Decades of Service

Retiring parks supervisor leaves a legacy

By Jessica Laskey
July 2022

When you enjoy the shade of hundreds of native oak trees in 13 parks maintained by the Carmichael Recreation and Park District, thank Jerry Eppler.

When you meander down the quarter-mile path to the Jensen Botanical Garden at Sutter-Jensen Community Park, thank Jerry Eppler.

When you hit a home run at one of the six baseball diamonds at La Sierra Community Center, thank Jerry Eppler. (And maybe the pitcher.)

For 34 years, Eppler served as parks supervisor for the Carmichael parks district. During his tenure, he oversaw nearly 200 acres, planted more than 1,000 trees, and helped modernize and redevelop many recreational sites.

“This is what I’ve been doing my whole life,” Eppler says. He grew up in Carmichael down the block from park district headquarters and started his career as a “tree guy” in the almond orchards.

Jobs in landscape construction followed until he was poached from a side hustle doing sod work at La Sierra High School (his alma mater) for grounds maintenance at Carmichael Park.

His first task was to transition more than 300 ash trees that had been over-planted in the 1950s to a more diverse array of greenery, including native oak varietals better suited to the Sacramento climate.

Eppler’s next big project was modernizing the irrigation systems throughout the district—a huge undertaking and one that the community benefits from today.

Starting in 1989, Eppler worked with Carmichael Water District to change out 500 water valves throughout the parks, which required digging up existing systems by hand, rebuilding them, installing new manifolds and irrigation wires, and connecting the wires to controllers run by computer.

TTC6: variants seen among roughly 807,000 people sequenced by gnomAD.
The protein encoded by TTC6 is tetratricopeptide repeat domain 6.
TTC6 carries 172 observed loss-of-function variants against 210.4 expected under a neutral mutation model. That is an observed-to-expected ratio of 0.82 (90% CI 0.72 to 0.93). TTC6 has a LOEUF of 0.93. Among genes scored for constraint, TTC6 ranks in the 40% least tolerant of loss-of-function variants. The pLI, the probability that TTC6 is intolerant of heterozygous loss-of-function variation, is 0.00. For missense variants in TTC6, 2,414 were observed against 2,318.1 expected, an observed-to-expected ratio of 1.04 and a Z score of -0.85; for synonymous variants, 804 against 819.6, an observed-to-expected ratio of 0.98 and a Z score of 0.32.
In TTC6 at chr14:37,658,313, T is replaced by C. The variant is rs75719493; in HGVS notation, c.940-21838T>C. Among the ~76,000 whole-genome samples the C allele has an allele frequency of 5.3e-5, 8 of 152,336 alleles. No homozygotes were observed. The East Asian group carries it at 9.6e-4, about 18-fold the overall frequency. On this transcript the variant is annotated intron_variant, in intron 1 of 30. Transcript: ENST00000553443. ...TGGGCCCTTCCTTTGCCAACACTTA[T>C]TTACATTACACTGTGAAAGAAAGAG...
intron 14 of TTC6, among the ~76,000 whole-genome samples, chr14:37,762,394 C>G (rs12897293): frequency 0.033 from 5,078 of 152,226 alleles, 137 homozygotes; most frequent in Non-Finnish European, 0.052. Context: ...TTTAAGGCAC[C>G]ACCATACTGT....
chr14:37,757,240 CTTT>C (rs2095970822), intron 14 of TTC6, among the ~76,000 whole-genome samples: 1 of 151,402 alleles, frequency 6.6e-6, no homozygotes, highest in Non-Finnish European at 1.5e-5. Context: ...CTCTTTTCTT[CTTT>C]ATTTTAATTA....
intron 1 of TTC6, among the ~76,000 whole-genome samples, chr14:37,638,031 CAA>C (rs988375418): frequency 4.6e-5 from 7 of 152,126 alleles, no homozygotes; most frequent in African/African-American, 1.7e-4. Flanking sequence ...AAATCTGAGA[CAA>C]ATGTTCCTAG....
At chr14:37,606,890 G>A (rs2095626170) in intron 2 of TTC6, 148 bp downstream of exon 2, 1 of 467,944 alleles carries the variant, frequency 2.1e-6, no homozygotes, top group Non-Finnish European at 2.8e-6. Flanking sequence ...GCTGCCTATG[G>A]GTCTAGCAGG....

The improvements meant park staff could control irrigation across the district from one central location. It allowed them to make adjustments based on weather conditions, potentially saving the district thousands of dollars and gallons of water. “We started the efficiency game back in the ’90s,” Eppler says.

These irrigation fixes allowed the park district to develop six new baseball fields at La Sierra Community Center in the 1990s. A couple of decades later, Eppler oversaw the redevelopment of Sutter-Jensen Community Park, transforming 19 acres of an overgrown and neglected olive orchard into a community gathering spot, which included creation of a concrete walking path that connects to the Jensen Botanical Garden.

Eppler also had a hand in developing newer parks, including Patriots, Jan and O’Donnell Heritage parks.
Though he’s proud of his decades of service, Eppler insists he wasn’t alone.

“I had a small crew. I couldn’t do this by myself,” says Eppler, who recently relocated to a house in Roseville where he cares for a giant oak tree. “Over the years, I developed relationships with the neighbors and they would call me directly if they saw something that needed attention. That really helped me do a better job. When you take care of close to 200 acres, you can’t see it all.”

Eppler retired this spring but stays busy. Since he’s known as the guy who can fix anything, friends across the state call him to help with odd jobs. Eppler’s happy to pitch in since it helps keep his skills up. “You’ve got to practice occasionally,” he says.

When he’s not helping neighbors or looking after various vacation and rental properties, Eppler leads off-road expeditions to Death Valley, where he’s trekked more than 100 times. “It’s pretty rugged stuff,” he says. “You’re miles away from any help, so when things break, you’ve got to figure it out.”

Sounds like a job for Jerry Eppler.

Jessica Laskey can be reached at Follow us on Facebook, Twitter and Instagram: @insidesacramento.

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